By Andrew Kipnis
This article examines the diverse challenges faced by migrants to one small city in Shandong province and examines how these challenges vary by age, place of origin, and social class.
Chinese urbanisation comes in many shapes and sizes. Large cities have become global, small cities have become large, towns cities and villages towns. Discussion of the difficulties that new urban migrants face has focused on the experience of rural migrants in the largest urban areas – the Pearl River Delta, Beijing, and Shanghai – and tends to portray these difficulties in a generic form. But much urbanisation has occurred in smaller Chinese cities and the experience of urbanisation in such places can differ from that in China’s major urban conglomerates. Moreover, even in, or perhaps – especially in smaller cities, different types of migrants face different types of problems.
Two factors make migrating to a smaller city more comfortable for many. First, real estate prices are lower. While it would be impossible for a migrant service or factory worker to buy an apartment in Beijing, Shanghai or Shenzhen, many can do so in China’s smaller cities. Second, in some provinces, smaller cities have less stringent household registration regimes. The relaxation of household registration makes it easier for migrants to enrol their children in local schools and in some cases even allows migrant children to sit the University Entrance Exam in the city where migrants live. It also enables migrants to receive licences to run certain types of businesses and work in positions that are reserved for local household registration holders in larger urban areas. While the children of migrants to large cities like Shanghai also sometimes attend local schools, they find their advancement in the local school system blocked once they complete the compulsory nine years of education. They are also blocked from many of the more profitable blue – and pink – collar careers by licensing restrictions.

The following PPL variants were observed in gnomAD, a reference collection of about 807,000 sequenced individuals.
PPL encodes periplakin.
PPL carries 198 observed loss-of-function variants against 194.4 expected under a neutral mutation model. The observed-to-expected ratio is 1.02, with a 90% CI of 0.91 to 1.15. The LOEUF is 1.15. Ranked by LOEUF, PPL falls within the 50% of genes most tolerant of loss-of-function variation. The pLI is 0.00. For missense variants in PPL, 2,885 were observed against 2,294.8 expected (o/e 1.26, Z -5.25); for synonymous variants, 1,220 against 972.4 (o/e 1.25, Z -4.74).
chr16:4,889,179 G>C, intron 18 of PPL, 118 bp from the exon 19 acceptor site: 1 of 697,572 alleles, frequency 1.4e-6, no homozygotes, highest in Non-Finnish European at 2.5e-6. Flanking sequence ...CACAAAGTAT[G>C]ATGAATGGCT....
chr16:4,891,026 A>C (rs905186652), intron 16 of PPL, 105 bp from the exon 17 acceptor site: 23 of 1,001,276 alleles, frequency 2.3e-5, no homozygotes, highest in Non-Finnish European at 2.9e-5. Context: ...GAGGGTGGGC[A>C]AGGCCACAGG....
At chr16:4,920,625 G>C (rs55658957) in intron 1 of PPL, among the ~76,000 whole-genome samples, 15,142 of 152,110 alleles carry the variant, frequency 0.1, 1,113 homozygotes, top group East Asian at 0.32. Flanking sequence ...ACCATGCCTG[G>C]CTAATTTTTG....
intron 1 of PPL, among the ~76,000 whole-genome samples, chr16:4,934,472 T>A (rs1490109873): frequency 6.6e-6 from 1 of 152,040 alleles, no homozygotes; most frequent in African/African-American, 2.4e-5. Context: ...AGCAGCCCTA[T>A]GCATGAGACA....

Between 1988 and 2013, I observed the Chinese county seat of Zouping (Shandong province) grow from a town of 30,000 people to a city of more than 350,000. I interviewed hundreds of this city’s residents. Though the new residents often bought their own apartments and sent their children to local schools, Zouping was not a utopia. New migrants still faced many problems. The types of problems they faced differed according to their place of origin, the type of job they took and their life stage.
About the Author
Andrew B. Kipnis is a Professor of Anthropology in the College of Asia and the Pacific at The Australian National University. His latest book is From Village to City: Social Transformation in a Chinese County Seat (University of California Press, 2016). For ten years he was co-editor of The China Journal.